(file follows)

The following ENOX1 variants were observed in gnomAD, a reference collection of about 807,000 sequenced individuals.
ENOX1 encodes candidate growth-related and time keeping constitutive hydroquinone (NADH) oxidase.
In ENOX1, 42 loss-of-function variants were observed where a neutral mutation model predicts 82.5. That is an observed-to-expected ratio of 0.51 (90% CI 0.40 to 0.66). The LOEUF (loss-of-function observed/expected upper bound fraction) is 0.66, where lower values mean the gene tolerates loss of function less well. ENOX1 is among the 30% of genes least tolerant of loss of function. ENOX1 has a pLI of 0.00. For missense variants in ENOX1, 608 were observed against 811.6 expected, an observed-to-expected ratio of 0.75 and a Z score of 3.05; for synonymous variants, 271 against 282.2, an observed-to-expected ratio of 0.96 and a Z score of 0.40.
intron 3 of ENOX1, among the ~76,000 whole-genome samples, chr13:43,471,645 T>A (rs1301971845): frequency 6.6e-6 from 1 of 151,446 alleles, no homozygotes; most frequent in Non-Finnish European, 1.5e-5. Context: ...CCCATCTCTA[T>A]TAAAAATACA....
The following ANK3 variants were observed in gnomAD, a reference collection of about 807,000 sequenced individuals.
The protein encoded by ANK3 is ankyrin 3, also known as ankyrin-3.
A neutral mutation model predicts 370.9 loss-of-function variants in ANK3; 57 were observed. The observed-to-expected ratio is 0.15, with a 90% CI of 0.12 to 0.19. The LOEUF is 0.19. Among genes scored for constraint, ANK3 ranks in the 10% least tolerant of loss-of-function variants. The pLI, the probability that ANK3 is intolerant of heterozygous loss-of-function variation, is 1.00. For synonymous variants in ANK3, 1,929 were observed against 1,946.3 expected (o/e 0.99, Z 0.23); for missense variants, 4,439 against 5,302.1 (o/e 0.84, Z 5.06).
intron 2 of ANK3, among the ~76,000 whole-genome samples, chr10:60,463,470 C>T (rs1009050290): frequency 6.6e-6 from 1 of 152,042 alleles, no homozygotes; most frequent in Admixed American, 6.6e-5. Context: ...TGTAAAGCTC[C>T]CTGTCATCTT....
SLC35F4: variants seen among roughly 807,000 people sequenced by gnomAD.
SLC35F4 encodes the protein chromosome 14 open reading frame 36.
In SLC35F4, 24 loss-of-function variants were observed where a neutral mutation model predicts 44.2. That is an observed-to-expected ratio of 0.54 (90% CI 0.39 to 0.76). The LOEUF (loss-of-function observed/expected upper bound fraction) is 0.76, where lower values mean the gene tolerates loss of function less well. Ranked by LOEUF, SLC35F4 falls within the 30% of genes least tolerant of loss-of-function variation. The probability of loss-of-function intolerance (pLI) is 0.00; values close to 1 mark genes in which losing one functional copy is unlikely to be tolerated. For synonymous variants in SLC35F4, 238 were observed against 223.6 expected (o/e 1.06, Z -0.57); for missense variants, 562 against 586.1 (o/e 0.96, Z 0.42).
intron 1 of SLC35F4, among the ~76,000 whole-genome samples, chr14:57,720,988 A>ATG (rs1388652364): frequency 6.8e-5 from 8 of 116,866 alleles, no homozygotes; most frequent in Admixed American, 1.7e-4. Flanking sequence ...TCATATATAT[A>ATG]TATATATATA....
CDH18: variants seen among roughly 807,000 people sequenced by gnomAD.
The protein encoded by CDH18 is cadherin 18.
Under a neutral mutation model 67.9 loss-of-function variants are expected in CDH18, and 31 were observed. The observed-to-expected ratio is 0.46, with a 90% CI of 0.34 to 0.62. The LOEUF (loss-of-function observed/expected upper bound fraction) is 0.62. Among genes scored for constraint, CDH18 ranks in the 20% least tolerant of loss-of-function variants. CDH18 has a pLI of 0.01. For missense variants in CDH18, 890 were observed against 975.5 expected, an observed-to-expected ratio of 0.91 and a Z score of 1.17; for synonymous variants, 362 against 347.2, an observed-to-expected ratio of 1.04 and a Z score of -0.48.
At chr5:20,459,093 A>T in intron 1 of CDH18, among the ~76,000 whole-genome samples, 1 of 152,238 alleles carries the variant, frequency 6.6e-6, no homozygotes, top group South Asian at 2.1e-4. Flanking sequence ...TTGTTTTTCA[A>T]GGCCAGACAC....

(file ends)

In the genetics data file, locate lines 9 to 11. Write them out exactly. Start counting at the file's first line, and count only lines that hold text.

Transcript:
SLC35F4: variants seen among roughly 807,000 people sequenced by gnomAD.
SLC35F4 encodes the protein chromosome 14 open reading frame 36.
In SLC35F4, 24 loss-of-function variants were observed where a neutral mutation model predicts 44.2. That is an observed-to-expected ratio of 0.54 (90% CI 0.39 to 0.76). The LOEUF (loss-of-function observed/expected upper bound fraction) is 0.76, where lower values mean the gene tolerates loss of function less well. Ranked by LOEUF, SLC35F4 falls within the 30% of genes least tolerant of loss-of-function variation. The probability of loss-of-function intolerance (pLI) is 0.00; values close to 1 mark genes in which losing one functional copy is unlikely to be tolerated. For synonymous variants in SLC35F4, 238 were observed against 223.6 expected (o/e 1.06, Z -0.57); for missense variants, 562 against 586.1 (o/e 0.96, Z 0.42).